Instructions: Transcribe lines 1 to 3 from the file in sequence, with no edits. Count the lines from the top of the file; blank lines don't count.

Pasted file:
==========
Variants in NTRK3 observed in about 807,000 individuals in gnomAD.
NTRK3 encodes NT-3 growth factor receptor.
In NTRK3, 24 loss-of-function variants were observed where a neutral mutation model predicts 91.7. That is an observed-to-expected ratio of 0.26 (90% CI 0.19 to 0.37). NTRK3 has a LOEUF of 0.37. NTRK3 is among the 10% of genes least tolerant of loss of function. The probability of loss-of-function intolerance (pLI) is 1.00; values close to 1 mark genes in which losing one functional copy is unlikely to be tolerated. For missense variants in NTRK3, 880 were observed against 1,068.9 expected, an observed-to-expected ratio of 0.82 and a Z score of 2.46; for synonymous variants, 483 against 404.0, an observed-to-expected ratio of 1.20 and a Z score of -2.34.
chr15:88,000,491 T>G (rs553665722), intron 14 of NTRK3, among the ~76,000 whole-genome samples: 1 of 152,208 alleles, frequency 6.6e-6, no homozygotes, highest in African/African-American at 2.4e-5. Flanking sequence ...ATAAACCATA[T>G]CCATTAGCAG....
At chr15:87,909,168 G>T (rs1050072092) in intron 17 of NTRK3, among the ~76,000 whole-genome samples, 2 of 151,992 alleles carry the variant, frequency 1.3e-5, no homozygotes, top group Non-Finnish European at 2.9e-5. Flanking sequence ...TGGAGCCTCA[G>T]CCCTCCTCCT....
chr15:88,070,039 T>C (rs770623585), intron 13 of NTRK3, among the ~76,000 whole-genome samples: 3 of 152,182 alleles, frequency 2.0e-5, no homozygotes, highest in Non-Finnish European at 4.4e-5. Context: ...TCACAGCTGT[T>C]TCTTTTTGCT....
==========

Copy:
Variants in NTRK3 observed in about 807,000 individuals in gnomAD.
NTRK3 encodes NT-3 growth factor receptor.
In NTRK3, 24 loss-of-function variants were observed where a neutral mutation model predicts 91.7. That is an observed-to-expected ratio of 0.26 (90% CI 0.19 to 0.37). NTRK3 has a LOEUF of 0.37. NTRK3 is among the 10% of genes least tolerant of loss of function. The probability of loss-of-function intolerance (pLI) is 1.00; values close to 1 mark genes in which losing one functional copy is unlikely to be tolerated. For missense variants in NTRK3, 880 were observed against 1,068.9 expected, an observed-to-expected ratio of 0.82 and a Z score of 2.46; for synonymous variants, 483 against 404.0, an observed-to-expected ratio of 1.20 and a Z score of -2.34.